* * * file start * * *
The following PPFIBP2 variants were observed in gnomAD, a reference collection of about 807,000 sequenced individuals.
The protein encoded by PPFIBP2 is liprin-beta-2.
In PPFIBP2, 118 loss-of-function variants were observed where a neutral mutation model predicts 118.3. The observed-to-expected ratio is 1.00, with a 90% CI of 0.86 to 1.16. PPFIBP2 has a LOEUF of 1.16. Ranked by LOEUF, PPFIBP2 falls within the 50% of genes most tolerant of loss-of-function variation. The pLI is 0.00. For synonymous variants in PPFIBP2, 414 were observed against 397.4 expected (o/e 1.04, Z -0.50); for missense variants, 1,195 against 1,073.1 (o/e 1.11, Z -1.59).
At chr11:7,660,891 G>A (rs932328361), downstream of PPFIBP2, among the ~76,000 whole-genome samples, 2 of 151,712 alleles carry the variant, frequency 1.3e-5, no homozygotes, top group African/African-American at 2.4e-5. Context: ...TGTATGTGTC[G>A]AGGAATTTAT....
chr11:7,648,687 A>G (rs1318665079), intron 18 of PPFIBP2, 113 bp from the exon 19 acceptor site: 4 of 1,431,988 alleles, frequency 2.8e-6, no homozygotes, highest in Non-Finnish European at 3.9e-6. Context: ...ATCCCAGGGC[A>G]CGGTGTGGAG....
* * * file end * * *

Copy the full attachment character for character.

The following PPFIBP2 variants were observed in gnomAD, a reference collection of about 807,000 sequenced individuals.
The protein encoded by PPFIBP2 is liprin-beta-2.
In PPFIBP2, 118 loss-of-function variants were observed where a neutral mutation model predicts 118.3. The observed-to-expected ratio is 1.00, with a 90% CI of 0.86 to 1.16. PPFIBP2 has a LOEUF of 1.16. Ranked by LOEUF, PPFIBP2 falls within the 50% of genes most tolerant of loss-of-function variation. The pLI is 0.00. For synonymous variants in PPFIBP2, 414 were observed against 397.4 expected (o/e 1.04, Z -0.50); for missense variants, 1,195 against 1,073.1 (o/e 1.11, Z -1.59).
At chr11:7,660,891 G>A (rs932328361), downstream of PPFIBP2, among the ~76,000 whole-genome samples, 2 of 151,712 alleles carry the variant, frequency 1.3e-5, no homozygotes, top group African/African-American at 2.4e-5. Context: ...TGTATGTGTC[G>A]AGGAATTTAT....
chr11:7,648,687 A>G (rs1318665079), intron 18 of PPFIBP2, 113 bp from the exon 19 acceptor site: 4 of 1,431,988 alleles, frequency 2.8e-6, no homozygotes, highest in Non-Finnish European at 3.9e-6. Context: ...ATCCCAGGGC[A>G]CGGTGTGGAG....